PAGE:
But beyond border barriers, some are simply worried about travelling.

“If they're too afraid to leave their home, how can they go abroad?” asked Simona, a Romanian seasonal labour agent.

For Beelitz's Jakob, time might be running out.

“We are now very close to the asparagus harvest, but if we do not have enough harvest workers, we will not be able to harvest the whole crop,” he warns.

Bringing in workers from other sectors won't solve the problem because of the time it takes to train them.

“Perhaps they will have learned how to do it by the end of the asparagus season, but that doesn't help us very much,” Jakob says.

By Tobias Schwarz with Femke Colburn in Berlin

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‘People liked the silence’: How Berlin’s club scene is struggling after lockdowns

Berlin's clubs are suffering from staff shortages, a lack of guests... and neighbours who've grown used to the silence, representatives for the scene say.

'People liked the silence': How Berlin's club scene is struggling after lockdowns

Some operators from Berlin’s club scene are bracing themselves for a difficult autumn. For months now, people have been allowed to dance again and life has returned to normal in the dark corners of Berlin’s famous nightlife scene.

But the clubs have far from recovered from the pandemic. They face staff shortages, rising prices and the prospect of a return to Covid restrictions in the autumn.

“We go into the autumn with huge fear, because the omens are totally unfavorable,” said association head Pamela Schobeß.

Spring and summer went anything but smoothly, she said. “There has been an oversupply of events. People aren’t going out as much, and some are still afraid to move around indoors.”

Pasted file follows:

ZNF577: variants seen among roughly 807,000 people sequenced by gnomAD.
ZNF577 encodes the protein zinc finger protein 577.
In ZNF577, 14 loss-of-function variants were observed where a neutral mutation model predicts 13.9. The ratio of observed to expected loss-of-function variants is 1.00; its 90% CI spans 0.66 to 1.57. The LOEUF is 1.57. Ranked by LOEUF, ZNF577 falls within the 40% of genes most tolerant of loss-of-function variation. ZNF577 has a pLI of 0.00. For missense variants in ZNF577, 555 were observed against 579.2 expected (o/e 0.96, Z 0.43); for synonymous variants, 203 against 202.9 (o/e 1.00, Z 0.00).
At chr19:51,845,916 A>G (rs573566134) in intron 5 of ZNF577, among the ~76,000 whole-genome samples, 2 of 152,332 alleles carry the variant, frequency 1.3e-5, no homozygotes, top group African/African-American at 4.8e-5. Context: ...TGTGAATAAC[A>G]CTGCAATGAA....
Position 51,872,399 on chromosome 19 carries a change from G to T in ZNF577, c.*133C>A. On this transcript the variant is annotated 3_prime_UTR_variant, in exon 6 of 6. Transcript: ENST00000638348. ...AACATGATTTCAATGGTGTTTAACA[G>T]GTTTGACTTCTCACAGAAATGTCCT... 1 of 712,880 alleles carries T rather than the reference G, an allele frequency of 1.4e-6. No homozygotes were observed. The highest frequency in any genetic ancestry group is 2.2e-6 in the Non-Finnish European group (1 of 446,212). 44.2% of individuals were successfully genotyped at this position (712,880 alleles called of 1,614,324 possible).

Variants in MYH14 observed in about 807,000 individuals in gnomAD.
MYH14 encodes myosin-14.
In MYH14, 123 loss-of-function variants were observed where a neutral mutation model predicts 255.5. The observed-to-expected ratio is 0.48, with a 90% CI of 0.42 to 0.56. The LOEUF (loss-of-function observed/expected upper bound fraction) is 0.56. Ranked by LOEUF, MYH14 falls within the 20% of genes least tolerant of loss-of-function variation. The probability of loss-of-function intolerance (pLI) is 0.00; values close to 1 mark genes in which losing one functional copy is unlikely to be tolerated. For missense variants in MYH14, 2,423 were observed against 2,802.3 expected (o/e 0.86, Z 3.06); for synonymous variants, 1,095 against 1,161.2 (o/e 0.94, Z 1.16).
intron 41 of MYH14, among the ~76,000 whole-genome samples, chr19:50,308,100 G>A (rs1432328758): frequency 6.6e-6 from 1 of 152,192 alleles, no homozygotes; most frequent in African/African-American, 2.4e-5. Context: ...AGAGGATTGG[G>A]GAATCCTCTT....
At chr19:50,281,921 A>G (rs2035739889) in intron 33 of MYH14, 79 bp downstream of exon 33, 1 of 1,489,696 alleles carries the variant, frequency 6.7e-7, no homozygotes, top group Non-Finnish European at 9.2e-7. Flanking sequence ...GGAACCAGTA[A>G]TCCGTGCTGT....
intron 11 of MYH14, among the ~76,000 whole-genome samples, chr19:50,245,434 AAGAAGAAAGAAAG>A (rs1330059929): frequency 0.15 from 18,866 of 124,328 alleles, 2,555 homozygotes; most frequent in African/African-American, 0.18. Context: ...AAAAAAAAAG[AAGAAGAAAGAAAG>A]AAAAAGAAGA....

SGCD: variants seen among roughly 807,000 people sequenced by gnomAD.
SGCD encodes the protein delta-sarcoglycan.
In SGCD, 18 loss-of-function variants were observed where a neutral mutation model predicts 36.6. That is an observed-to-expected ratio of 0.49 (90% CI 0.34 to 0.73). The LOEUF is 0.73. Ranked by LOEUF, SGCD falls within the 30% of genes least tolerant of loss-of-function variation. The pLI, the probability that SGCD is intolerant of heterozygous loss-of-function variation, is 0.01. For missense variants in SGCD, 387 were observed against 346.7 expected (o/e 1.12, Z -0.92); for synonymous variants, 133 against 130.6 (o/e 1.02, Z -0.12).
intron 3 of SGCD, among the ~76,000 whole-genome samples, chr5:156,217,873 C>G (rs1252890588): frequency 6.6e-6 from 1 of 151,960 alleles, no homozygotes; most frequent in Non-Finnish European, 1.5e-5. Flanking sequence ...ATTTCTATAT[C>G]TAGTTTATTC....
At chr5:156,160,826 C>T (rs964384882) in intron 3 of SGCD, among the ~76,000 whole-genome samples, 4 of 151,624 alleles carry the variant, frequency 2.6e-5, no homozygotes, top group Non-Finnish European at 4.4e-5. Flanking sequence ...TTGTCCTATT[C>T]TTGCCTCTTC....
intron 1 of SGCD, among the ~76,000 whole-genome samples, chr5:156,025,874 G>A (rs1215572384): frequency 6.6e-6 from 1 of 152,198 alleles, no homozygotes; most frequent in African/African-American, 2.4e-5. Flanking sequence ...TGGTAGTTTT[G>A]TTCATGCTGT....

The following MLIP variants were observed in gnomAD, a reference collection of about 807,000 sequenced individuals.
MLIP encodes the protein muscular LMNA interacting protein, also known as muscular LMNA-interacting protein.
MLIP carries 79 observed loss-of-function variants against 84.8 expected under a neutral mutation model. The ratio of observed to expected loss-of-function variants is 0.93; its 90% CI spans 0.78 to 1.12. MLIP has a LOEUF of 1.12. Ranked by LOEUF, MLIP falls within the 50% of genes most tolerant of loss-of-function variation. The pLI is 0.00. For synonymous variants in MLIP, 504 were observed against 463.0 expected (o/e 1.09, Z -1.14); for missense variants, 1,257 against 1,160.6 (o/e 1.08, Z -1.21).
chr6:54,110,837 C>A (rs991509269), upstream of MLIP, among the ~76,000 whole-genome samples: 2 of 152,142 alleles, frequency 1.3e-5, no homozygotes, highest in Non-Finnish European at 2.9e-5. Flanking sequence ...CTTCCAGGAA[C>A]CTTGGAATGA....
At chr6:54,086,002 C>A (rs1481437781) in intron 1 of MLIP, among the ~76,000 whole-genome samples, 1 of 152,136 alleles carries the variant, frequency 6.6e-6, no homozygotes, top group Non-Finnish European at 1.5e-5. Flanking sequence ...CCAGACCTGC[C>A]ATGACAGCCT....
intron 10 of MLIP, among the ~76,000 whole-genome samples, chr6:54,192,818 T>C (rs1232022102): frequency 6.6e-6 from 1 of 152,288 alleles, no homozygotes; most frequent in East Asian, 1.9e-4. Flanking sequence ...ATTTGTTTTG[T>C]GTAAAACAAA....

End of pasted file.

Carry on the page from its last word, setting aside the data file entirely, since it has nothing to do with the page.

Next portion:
Money is also an issue. “A lot of people are afraid of rising energy prices.”

The industry lost workers during the pandemic and it’s hard to convince them to come back with the outlook for the autumn looking so gloomy, Schobeß says.

Her colleague Robin Schellenberg tells a similar story. People have switched to various other jobs and would even rather work on a supermarket checkout, which may have been considered less sexy in the past. Now, he says, some have learned to love not having to work nights.


Schellenberg runs the Klunkerkranich, a small club on a parking garage deck in Neukölln. Because a number of things have become more expensive, they have also had to increase their admission prices.

His impression is that people are going out less often and are deciding more spontaneously. In addition, people in the neighborhood are now more sensitive to noise. “Many people found the silence very enticing,” he said.

Some in the industry wonder what will happen next. Will club admission have to become much more expensive? Will that exclude people who can no longer afford it? And what happens if Covid infection numbers rise sharply?

If masks become mandatory indoors in October, Schobeß believes that would be bad for the clubs. “Even if we don’t get shut down by the state, we’ll actually have to close down independently ourselves,” she reckons.

Masks take all the joy out of the experience, she says. People have drinks in their hands and are “jumping around and dancing” and then security guards have to tell them “please put your mask on.”

The federal government is considering whether states should be able to make masks mandatory indoors starting in October. Exceptions should be possible, such as at cultural and sporting events, for people who have been tested, recently vaccinated and recently recovered.

In the event that Covid numbers soar, the states could then be allowed to tighten the rules and eliminate all exemptions.

READ ALSO: German court declares techno to be music